Accident Curtiss C-46F-1-CU Commando N1648M, Wednesday 7 January 1953
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Date:Wednesday 7 January 1953
Time:04:12
Type:Silhouette image of generic C46 model; specific model in this crash may look slightly different    
Curtiss C-46F-1-CU Commando
Owner/operator:Associated Air Transport
Registration: N1648M
MSN: 22395
Year of manufacture:1945
Total airframe hrs:1941 hours
Engine model:Pratt & Whitney R-2800
Fatalities:Fatalities: 40 / Occupants: 40
Other fatalities:0
Aircraft damage: Destroyed, written off
Category:Accident
Location:13 km W of Fish Haven, ID -   United States of America
Phase: En route
Nature:Passenger - Non-Scheduled/charter/Air Taxi
Departure airport:Seattle-Boeing Field International Airport, WA (BFI/KBFI)
Destination airport:Cheyenne Airport, WY (CYS/KCYS)
Investigating agency: CAB
Confidence Rating: Accident investigation report completed and information captured
Narrative:
The Curtiss was chartered to fly military personnel from Seattle to Fort Jackson, SC. A scheduled stop was planned in Cheyenne. The flight departed Boeing Field at 00:50 and made the required position reports along the route, with no mention of any irregularities, reporting over Malad City at 13,000 feet, time 03:58, and estimating Rock Springs at 04:45. There were no further radio contacts with the aircraft. The C-46 started picking up some ice. It is likely that an involuntary descent was made into an area of increasing ice and turbulence which extended two or three thousand feet above the mountains. The mountains between Malad City and Bear Lake range from 8.000 feet to in excess of 9,000 feet. The westerly winds were lifting the moist unstable air over those mountains, producing zero ceilings, moderate to seven turbulence, moderate to heavy icing and snow, with updrafts on the windward side of the slopes and downdrafts on the leeward sides. The aircraft was unable to regain altitude until it struck a small pine tree at an altitude of approximately 8,545 feet. It struck several other pine trees and began to disintegrate as it continued down the slope at an approximate 50-degree angle shearing numerous trees. Contact with the ground was made at the base of the hill at the north end of a 93-foot ravine where the aircraft gouged three large holes in the ground. The aircraft then continued up a 32-degree rise approximately 200 feet where the tail section came to rest. Five days later, on January 12, 1953, at 1320 hours, the wreckage was sighted from the air by a Civil Air Patrol pilot.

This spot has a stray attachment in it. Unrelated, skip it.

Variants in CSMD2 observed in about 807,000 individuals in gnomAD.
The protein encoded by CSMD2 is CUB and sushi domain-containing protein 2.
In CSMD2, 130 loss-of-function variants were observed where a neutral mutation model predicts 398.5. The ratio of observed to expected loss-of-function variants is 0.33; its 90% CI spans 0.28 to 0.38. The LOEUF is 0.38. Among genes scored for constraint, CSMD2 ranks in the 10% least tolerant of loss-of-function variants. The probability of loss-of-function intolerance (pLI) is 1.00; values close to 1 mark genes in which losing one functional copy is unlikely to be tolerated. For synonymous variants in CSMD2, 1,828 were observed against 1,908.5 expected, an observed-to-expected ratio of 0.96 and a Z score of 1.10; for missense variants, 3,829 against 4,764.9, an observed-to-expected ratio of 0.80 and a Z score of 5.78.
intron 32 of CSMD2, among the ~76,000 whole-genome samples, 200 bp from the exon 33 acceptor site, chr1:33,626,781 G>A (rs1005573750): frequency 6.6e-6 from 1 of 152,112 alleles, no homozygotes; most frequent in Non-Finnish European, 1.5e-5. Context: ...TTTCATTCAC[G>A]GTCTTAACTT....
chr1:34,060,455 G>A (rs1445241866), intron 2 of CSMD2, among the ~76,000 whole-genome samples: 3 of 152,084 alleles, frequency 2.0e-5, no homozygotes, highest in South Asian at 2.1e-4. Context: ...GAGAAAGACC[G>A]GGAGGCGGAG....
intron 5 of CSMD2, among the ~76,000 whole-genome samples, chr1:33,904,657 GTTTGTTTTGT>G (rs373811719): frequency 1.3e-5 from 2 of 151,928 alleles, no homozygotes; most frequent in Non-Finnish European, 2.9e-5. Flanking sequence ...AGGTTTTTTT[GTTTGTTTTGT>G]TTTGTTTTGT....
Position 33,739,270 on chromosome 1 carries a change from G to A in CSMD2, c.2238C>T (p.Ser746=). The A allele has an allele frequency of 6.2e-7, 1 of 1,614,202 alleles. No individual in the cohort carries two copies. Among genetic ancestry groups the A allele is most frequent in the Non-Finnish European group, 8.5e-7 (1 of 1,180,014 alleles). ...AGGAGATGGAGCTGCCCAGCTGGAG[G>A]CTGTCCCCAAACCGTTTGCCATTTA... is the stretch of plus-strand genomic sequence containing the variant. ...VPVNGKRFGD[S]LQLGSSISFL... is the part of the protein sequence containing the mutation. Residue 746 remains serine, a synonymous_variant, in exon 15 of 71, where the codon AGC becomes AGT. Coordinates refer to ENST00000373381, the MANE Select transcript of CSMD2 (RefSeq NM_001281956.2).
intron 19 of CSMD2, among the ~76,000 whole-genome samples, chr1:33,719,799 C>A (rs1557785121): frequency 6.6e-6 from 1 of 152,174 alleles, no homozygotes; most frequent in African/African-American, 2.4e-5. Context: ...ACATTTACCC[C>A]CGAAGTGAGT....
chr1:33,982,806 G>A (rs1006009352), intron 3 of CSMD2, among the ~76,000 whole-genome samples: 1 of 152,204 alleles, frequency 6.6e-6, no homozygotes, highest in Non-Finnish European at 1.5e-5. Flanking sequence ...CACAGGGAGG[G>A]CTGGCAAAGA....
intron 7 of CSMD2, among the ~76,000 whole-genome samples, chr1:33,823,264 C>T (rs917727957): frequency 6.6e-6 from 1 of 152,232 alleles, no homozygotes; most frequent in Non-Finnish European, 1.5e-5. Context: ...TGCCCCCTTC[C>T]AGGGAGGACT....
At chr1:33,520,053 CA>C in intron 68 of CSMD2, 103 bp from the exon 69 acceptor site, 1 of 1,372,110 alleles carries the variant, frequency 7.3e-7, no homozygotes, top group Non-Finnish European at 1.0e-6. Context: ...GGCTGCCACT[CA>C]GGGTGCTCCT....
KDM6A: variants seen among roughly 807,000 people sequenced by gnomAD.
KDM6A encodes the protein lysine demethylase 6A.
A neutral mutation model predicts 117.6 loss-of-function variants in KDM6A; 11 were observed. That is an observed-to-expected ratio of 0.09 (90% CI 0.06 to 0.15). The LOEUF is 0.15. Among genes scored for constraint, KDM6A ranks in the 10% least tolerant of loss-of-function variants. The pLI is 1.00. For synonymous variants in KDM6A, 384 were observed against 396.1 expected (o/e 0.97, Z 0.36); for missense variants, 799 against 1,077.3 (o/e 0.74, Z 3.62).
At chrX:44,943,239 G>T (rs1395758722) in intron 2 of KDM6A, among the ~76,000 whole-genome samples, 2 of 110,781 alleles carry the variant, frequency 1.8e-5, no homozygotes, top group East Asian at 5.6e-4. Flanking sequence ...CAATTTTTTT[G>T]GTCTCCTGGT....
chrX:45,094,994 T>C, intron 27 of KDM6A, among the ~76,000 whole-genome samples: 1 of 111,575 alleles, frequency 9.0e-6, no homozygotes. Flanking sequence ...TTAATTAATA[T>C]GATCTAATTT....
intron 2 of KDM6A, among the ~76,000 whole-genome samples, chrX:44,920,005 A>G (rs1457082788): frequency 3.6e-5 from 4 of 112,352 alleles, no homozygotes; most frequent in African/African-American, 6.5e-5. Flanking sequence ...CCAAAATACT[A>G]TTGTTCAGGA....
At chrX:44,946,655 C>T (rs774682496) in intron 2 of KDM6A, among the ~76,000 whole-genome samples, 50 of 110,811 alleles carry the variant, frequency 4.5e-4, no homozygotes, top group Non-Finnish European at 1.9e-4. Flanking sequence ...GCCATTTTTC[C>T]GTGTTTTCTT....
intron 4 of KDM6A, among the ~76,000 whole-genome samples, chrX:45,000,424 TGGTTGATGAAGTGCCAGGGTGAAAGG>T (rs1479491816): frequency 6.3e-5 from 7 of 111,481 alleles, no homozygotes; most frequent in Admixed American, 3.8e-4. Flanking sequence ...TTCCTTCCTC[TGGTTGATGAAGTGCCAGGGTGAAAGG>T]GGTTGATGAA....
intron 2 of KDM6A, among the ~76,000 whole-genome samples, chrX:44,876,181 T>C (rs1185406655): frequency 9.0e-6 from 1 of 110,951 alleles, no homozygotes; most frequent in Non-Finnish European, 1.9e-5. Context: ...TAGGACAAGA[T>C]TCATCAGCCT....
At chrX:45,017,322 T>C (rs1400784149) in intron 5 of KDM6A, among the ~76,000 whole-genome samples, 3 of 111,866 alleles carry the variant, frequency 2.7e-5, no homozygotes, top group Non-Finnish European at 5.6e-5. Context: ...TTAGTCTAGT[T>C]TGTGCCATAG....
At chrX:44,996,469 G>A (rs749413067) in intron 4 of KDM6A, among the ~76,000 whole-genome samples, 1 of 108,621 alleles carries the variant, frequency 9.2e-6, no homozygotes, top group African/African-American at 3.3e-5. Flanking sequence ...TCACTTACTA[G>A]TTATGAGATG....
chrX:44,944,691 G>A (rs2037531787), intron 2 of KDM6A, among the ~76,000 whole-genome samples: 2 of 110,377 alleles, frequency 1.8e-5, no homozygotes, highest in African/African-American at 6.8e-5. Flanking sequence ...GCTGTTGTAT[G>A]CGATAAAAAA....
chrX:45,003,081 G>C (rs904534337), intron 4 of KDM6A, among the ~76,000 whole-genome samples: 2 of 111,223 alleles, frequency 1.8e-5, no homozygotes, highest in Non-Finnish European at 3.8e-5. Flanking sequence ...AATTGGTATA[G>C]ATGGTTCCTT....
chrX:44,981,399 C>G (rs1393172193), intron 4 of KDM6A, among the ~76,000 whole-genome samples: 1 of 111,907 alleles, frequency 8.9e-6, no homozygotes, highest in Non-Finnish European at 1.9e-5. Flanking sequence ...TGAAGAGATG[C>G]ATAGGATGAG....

PROBABLE CAUSE: "The inadvertent descent into an area of turbulence and icing which resulted in the flight's inability to regain a safe altitude."

Accident investigation:
cover
  
Investigating agency: CAB
Report number: final report
Status: Investigation completed
Duration:
Download report: Final report

Sources:

CAB File No. 1-0006
ICAO Accident Digest Circular 39-AN/34 (21-24)

Statistics

  • 8th worst accident in 1953
  • 12th worst accident of this aircraft type
  • 7th worst accident of this aircraft type at the time

Location

Images:


photo (c) Tropenmuseum, part of the National Museum of World Cultures; Makassar Airport (UPG/WAAA); 30 December 1948; (CC:by-sa)

Revision history:

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